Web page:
7. Hibiki Japanese Harmony. This is the Japanese whiskey that everyone seems to be talking about. Beautifully flavored and packaged in a gorgeous bottle, it makes a perfect gift for any Scotch or whiskey drinker. $60-70 for a 750 ml bottle.

8. Oak Bottle. Barrel-aging cocktails is all the rage right now, but if you're not ready to commit to an oak barrel and a few months of waiting, the Oak Bottle is the gadget for you. This bottle will oak-age spirits and cocktails in only days. It would be a great gift for the cocktail lover who has everything. $80 for a 750 ml bottle or $60 for the 355 ml mini version.

9. Copper Bar Tools from Cocktail Kingdom. I'm a sucker for pretty bar tools, and I think this shaker, julep strainer, barspoon, and jigger are about as pretty as it gets. They all come in other finishes, sizes, and styles (including a pair of weighted copper shaking tins). $133 for everything pictured.

What's on your wish list this year?

Monday, November 28, 2016

Bottle Buy: Amaro Nonino

Amaro Nonino

A few months ago, I wrote about an amazing meal I had with some friends at Gramercy Tavern in New York. After dessert, our waitress recommended a couple of amari for us to taste. She brought out Amaro Averna and Amaro Nonino. Everyone else at the table seemed to prefer the Averna, but I liked the Nonino better. When I saw the price difference between them, however ($30 vs. $50), I made the Averna my first amaro purchase. But I suppose I was just delaying the inevitable - I finally bought a bottle of Nonino, and I think it was well worth the money. Its flavor is just beautiful. It's light and sweet and nutty, with flavors of vanilla, caramel, spices, and a bit of anise. I already snuck it into one cocktail, the European Vagrant, and I've got many more to come.

Amaro Nonino (officially Amaro Nonino Quintessentia) is made in Friuli in northeastern Italy. The Nonino distillery was founded there in 1897 by Orazio Nonino, who produced grappa, an Italian grape liqueur. Though the family has continued to produce grappa ever since, I was surprised to find out that Nonino is a fairly new product, born in 1992. It is made from an aged grape distillate infused with a number of herbs and spices including gentian root, saffron, bitter orange, licorice, rhubarb, tamarind, sweet orange, and carmelized sugar. It's traditionally served at room temperature after a meal as a digestif, but it can also make a nice aperitif when served on the rocks or in a cocktail. It's easily one of my favorite bottles in my bar.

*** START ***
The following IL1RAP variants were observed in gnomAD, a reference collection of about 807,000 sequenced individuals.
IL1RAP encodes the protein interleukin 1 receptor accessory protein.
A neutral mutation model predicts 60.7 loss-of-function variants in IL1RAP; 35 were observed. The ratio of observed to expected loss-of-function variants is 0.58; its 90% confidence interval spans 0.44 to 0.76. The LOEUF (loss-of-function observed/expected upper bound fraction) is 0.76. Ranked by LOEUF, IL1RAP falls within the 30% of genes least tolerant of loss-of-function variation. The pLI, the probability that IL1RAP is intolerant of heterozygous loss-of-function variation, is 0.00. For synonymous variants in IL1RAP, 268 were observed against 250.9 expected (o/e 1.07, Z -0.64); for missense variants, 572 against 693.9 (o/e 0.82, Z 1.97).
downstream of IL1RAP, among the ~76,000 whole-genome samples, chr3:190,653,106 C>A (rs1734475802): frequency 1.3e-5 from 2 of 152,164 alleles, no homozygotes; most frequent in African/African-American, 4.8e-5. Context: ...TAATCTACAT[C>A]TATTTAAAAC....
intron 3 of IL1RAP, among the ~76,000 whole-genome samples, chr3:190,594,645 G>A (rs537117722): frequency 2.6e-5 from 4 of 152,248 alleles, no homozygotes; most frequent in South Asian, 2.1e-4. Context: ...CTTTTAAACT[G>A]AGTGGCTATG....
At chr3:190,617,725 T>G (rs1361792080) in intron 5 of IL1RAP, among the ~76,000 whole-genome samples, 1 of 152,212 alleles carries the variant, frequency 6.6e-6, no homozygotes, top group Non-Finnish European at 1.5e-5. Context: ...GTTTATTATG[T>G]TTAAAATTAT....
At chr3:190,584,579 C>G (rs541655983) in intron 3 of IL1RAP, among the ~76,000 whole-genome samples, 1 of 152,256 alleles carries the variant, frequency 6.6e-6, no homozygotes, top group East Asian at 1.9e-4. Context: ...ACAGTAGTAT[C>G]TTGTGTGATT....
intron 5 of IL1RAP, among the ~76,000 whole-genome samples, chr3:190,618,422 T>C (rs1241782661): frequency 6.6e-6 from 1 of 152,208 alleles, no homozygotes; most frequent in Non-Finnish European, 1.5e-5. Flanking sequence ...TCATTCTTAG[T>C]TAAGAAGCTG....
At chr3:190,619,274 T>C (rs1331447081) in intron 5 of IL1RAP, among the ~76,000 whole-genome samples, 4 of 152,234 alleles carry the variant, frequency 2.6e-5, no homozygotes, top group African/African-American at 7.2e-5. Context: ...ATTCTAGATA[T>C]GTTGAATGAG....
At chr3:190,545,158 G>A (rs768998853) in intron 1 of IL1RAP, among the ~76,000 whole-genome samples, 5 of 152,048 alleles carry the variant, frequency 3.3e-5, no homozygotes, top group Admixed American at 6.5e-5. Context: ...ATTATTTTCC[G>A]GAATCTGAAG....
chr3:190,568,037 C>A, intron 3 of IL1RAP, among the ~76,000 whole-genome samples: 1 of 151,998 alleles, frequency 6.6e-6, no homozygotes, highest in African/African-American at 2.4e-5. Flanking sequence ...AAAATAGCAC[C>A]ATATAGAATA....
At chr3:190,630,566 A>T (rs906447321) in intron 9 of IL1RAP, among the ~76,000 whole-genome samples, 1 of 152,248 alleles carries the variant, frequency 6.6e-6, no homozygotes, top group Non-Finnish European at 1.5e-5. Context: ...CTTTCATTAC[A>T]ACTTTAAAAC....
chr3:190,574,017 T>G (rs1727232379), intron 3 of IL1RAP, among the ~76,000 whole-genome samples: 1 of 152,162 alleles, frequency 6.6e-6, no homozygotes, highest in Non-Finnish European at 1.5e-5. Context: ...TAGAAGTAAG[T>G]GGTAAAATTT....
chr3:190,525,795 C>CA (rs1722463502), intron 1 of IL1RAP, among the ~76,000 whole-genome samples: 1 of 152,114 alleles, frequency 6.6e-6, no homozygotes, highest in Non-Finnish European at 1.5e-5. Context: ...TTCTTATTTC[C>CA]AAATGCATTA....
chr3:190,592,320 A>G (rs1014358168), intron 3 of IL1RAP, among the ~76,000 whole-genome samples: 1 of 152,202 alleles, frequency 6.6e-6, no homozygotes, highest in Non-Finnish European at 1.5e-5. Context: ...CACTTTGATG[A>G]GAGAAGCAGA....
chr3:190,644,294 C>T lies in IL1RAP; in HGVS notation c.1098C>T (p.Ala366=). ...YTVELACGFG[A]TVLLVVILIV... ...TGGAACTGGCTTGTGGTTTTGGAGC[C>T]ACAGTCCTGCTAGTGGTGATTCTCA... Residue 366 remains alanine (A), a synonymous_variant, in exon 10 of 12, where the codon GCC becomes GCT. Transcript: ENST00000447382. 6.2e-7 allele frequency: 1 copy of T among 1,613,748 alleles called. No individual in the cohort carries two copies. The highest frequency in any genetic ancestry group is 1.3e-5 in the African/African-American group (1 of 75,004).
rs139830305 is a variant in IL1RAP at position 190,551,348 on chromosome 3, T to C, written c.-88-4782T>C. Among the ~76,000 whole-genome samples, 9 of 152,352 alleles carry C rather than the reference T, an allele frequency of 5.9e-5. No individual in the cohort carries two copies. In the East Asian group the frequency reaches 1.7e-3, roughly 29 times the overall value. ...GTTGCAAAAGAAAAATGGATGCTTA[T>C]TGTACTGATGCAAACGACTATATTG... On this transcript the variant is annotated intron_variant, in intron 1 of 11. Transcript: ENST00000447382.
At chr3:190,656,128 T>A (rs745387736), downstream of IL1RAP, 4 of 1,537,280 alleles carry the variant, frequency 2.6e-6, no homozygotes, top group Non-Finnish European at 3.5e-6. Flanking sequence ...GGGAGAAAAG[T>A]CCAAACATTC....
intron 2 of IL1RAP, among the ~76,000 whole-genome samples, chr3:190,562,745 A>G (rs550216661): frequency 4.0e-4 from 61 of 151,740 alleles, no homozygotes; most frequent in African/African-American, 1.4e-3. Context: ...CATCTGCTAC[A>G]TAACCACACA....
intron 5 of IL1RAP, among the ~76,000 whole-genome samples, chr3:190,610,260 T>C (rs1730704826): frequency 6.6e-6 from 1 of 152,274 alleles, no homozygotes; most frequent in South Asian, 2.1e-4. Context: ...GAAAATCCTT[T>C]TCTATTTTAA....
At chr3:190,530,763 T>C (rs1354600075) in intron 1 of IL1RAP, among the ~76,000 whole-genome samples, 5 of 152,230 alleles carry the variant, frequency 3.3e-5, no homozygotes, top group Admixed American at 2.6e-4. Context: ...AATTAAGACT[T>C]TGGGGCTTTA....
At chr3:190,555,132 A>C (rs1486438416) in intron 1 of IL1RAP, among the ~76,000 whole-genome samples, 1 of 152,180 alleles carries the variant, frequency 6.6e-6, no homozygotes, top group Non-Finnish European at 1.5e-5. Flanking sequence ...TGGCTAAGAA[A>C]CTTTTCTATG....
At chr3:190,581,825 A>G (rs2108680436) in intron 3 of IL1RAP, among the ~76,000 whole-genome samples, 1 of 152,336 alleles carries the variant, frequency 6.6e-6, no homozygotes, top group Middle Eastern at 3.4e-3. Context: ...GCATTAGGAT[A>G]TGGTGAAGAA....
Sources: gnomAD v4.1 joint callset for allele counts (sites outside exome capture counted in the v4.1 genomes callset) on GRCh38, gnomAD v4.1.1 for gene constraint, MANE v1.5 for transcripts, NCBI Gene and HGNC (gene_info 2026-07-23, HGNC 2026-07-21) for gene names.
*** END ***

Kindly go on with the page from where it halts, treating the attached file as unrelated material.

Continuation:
Amaro Nonino

Amaro Nonino

Price: $50
Alcohol Content: 35%
Popular Cocktails: Paper Plane, served up as a digestif

The Paper Plane is one of the better-known drinks that contains Amaro Nonino. Like the Last Word, it's an equal-parts cocktail with four ingredients: bourbon, Aperol, Amaro Nonino, and lemon juice. It's sour and tart, with a subtly bitter aftertaste. Nuttiness from the Nonino, bright citrus from the Aperol, and rich bourbon tie it all together. It's lighter and more refreshing than you would expect from its ingredients.

If you don't have Amaro Nonino and aren't ready to take the plunge (do it!), you could definitely try this recipe with other amari and see how it turns out. I've also seen a version that uses Campari instead of Aperol. There's definitely room to play around, but it's hard to beat the original.

Paper Plane

History: The Paper Plane was created by Sam Ross at Little Branch in New York City. A former bartender at the famous Milk & Honey, Ross opened Attaboy with Michael McIlroy in the bar’s old space. He also invented the well-known Penicillin cocktail, so he’s kind of a big deal.

As I mentioned last week, I got to spend the weekend before Thanksgiving in New York City, crossing some amazing cocktail bars off my bucket list. One of these – my favorite, in fact – was Attaboy. I vaguely knew that Sam Ross owned the bar, but it didn’t occur to me to find out what he looked like or anything; for some reason I assumed that the big-name guys who own these bars never actually step behind them anymore. So when our bearded Australian bartender introduced himself as “Sam,” I just smiled and nodded and complimented the drinks. It was literally 48 hours later that the wayward neurons in my brain (no doubt a bit fried by the weekend of barhopping) made the connection, and I facepalmed pretty hard. No wonder the drinks were so perfect. Sam, on the off-chance you read this, thanks for a lovely time.